A New Age for Private Equity

June 1, 2009
Has private equity (PE) seen its glory days come and go?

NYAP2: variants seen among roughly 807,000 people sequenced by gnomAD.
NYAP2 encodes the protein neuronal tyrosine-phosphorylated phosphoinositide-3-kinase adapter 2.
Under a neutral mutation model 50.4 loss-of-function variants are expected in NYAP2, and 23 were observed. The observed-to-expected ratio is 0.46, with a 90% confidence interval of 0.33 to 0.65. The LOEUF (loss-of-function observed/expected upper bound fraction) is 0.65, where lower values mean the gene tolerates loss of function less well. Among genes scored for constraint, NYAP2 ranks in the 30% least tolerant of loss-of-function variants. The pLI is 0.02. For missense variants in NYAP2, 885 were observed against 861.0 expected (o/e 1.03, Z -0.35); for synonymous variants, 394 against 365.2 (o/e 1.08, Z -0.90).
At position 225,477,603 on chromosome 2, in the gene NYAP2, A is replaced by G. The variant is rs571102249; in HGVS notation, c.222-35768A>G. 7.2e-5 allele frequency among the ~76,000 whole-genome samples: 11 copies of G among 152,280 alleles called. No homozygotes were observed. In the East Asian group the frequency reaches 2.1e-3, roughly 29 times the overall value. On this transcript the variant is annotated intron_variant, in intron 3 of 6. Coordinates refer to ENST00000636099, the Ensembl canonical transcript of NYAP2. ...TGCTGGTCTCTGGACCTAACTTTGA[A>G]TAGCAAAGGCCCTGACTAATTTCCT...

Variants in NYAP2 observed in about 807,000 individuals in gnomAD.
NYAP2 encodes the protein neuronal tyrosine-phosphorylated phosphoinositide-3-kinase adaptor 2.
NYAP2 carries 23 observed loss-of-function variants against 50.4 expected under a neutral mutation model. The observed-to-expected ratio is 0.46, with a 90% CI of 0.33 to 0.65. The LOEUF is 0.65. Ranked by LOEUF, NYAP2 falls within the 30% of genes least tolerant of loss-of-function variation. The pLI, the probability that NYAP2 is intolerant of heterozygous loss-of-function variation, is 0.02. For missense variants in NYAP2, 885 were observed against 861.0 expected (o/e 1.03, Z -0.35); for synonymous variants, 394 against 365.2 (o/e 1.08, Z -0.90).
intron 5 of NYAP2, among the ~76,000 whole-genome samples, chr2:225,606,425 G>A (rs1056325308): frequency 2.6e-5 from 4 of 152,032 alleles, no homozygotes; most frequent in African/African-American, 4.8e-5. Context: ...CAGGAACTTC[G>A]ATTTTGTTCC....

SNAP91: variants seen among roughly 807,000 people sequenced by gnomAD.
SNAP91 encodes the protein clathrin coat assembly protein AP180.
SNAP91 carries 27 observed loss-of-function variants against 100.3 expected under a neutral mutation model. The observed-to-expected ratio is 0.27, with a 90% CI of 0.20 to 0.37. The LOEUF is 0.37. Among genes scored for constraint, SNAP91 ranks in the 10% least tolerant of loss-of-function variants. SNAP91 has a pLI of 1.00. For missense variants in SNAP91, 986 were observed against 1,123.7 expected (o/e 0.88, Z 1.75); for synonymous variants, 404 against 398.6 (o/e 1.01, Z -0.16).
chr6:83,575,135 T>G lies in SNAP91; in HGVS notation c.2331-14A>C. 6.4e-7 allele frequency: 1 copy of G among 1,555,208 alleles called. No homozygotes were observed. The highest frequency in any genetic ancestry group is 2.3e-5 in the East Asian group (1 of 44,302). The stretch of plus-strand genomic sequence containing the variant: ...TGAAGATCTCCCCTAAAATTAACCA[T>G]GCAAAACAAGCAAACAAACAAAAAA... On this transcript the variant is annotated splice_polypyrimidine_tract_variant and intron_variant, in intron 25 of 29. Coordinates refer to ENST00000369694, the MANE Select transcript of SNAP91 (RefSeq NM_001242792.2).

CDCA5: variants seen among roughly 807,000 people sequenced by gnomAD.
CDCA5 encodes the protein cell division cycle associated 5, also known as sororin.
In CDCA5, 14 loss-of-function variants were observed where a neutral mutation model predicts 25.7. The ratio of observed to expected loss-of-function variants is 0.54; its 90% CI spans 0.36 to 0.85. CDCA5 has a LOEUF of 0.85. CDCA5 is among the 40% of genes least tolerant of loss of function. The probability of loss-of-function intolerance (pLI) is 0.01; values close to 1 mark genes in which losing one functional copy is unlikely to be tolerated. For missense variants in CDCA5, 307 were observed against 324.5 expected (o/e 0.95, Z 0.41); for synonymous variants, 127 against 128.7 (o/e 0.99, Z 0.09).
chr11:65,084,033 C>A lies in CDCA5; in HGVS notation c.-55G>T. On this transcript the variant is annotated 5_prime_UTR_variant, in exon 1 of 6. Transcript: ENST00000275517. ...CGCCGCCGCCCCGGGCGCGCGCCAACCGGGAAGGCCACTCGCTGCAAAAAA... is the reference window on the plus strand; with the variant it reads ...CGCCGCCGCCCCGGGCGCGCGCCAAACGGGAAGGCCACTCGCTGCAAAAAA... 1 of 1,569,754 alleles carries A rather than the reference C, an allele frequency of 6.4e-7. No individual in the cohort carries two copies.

From 2005 to 2007, the private equity community enjoyed a golden age of expansion when any deal with a little financial engineering could look like a good deal. PE firms began buying from other PE firms and winning auctions over significant corporate buyers with meaningful synergy. Debt capital was cheap and easily accessible. Indicative terms for senior debt were L + 100 (London Interbank Offered Rate plus 100 basis points) in the heady days, with a total leverage of 7x earnings before interest, taxes, depreciation and amortization (EBITDA) attainable for even an average credit. The various types of creative capital structures offered up by private equity allowed investors to earn just the right return.  It was a good time to be in private equity.At the onset of 2008, it became clear that the landscape had changed and private equity’s mega-deal momentum had come to an end. Today, most people see private equity firms knee-deep in troubled investments, faced with a dismal future, and can’t help but think the industry is dead. But, private equity is not dead. On the contrary, we believe it’s alive and well.Certainly, 2009 will present substantial challenges, but embedded within them are some real opportunities to put equity to work. Private equity is no longer a new asset class, but an established asset class that will continue to provide much needed capital for growth opportunities throughout various industries. But first, it must go through a necessary transition period. PE firms will need to revaluate and reinvent themselves—they must be willing to deviate from the traditional private equity model and take on new forms.We already see the transformation occurring among many private equity firms. Most recently, these firms are allowing for greater flexibility in the way the deals are being structured. They have gotten over their need to have control positions in every deal, and are more willing to take a minority position. They now will consider teaming with strategics to provide capital to help facilitate acquisitions. These types of modifications and creativity will give private equity the momentum to prosper again and provide value in the transaction marketplace.Once it emerges from this reengineering of itself, private equity will continue to be tasked with the goal of deploying a significant amount of capital stockpiles left from the golden age. But by changing gears and putting the focus on growth equity, minority equity stakes, recapitalizations, and yes, buyouts, private equity will continue to play a key role in the lifecycle of certain businesses and within certain industries.Historically, the automation sector has shown greater resiliency in a down market, and this could position well-managed companies for considerable opportunity. “The focus is shifting from how well companies handle a downturn to which companies will benefit early in the cycle of the upturn,” says John Mavredakis, Head of Houlihan Lokey’s Financial Sponsors Coverage Group. “There is great buying opportunity, and we expect 2009 and 2010 investments to have fantastic returns. When you buy low, high returns generally follow.”Heightened regulationThe private equity community will also likely be faced with enhanced regulation; however, this is something that everyone is prepared for. “There will be heightened regulation and the industry will have to deal with it. It’s just a sign of the times,” says Mavredakis.Private equity, it seems, has not let the glory days pass it by. In fact, despite its recent bad rap, PE could play a significant role in the market’s rebound. It may be a long time before we see the likes of those infamous megadeals again, but hundreds of billions of dollars of committed capital still lie in the hands of investors, and unless the credit markets loosen up, these funds will be much needed.Jim Lavelle, [email protected], is Managing Director of the Industrial Technologies practice, and Eugene Bazemore, [email protected], is Senior Vice President of the Industrial Technologies practice of Houlihan Lokey.

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